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9 Responses to “Which Rate Stats Correlate More With a Player’s Role Than His Skill?”

  1. marparker Says:

    I don't have anything to add. Good line of thinking.

  2. Rod Says:

    Really like this topic. It brought to my mind Jimmer Fredette. One could argue that his role with BYU this year (to shoot any shot he wanted) contributed to the success he had. No doubt he's an awesome player but he had free reign at BYU. It makes you wonder if how many other players from the ACC, Big East, Big Ten, etc. could have averaged 28 pts a game if their coach let them shoot it whenever they wanted to from wherever on the court they wanted to.

  3. brgulker Says:

    This seems to confirm Phil Birnbaum's research that much of rebound rate (particularly defensive rebound%) is more a product of team roles and positional designations than actual skill.

    Neil, I don't have your data, so I say this somewhat tentatively, but I don't find the conclusion you are reaching from the data to be the only or necessary one, and for that reason, I'm not sure I am convinced yet.

    Take rebounding or assists, for example. Couldn't this data indicate that coaches/GMs are relatively good at assigning (or in this case replacing) roles based on player skill? If a team loses Deron Williams, for example, they don't replace him with Paul Milsap. Instead, Willams is replaced by Devin Harris, and although Devin is not identical to Deron, their skills -- and thus the role assigned to them -- are similar.

    http://www.basketball-reference.com/play-index/pcm_finder.cgi?request=1&sum=0&p1=willide01&y1=2011&p2=harride01&y2=2011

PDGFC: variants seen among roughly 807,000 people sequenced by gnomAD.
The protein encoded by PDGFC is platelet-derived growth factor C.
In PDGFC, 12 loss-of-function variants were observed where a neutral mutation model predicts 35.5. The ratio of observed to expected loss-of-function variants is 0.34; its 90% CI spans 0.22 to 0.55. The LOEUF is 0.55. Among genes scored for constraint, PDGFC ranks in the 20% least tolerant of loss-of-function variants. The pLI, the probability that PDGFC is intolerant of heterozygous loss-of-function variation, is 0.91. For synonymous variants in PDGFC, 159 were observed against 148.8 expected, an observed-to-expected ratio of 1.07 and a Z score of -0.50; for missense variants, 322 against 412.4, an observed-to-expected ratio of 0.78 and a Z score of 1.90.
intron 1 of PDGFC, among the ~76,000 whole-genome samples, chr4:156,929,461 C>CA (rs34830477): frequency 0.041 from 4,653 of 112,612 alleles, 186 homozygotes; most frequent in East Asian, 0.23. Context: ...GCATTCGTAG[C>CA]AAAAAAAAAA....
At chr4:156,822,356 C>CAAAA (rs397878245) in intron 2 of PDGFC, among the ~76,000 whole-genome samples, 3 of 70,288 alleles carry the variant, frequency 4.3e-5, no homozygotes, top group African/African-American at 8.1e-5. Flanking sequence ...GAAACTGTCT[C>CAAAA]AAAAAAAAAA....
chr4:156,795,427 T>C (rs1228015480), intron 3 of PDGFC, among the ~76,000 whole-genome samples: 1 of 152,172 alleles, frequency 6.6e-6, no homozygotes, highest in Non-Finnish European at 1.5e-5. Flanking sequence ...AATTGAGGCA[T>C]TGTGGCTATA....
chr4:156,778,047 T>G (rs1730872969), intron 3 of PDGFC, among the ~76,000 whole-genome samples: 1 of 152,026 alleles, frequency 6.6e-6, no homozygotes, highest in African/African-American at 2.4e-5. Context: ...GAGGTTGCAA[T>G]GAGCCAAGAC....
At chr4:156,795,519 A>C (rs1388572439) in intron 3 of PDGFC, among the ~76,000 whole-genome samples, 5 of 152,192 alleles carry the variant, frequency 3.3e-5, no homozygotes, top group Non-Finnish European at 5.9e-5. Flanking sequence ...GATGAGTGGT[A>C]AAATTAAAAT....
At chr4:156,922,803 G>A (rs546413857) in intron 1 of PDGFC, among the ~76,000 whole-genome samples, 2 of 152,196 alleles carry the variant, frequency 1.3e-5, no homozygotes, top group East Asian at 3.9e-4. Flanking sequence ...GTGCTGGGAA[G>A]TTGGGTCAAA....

As a Pistons fan, I can think of another example - Stuckey and Bynum. If Stuckey doesn't return to Detroit, he could be replaced in the starting lineup by Bynum. Given their historical production, you'd see a very high correlation for USG rate, AST%, BLK%, etc. To say that this has more to do with their role than skills, however, seems very strange to anyone who has watched the players play, specifically because their skill sets are very similar. And as a direct results of those skill sets, they play (mostly) the same position.

    http://www.basketball-reference.com/play-index/pcm_finder.cgi?request=1&sum=0&p1=stuckro01&y1=2011&p2=bynumwi01&y2=2011

    Obviously, I'm sort of cherry picking a pretty easy example here (and I can think of plenty more off the top of my head), but I'm curious how often this would be true of the player seasons you've identified.

  4. brgulker Says:

    Or put another way, if I'm reading you correctly, you're arguing that certain types of production are a function of role, not of player skill.

    I'm posing the critical question: isn't role a function of player skill?

  5. Neil Paine Says:

    No, I think you're right, a player's position is definitely a function of which basketball skills he possesses.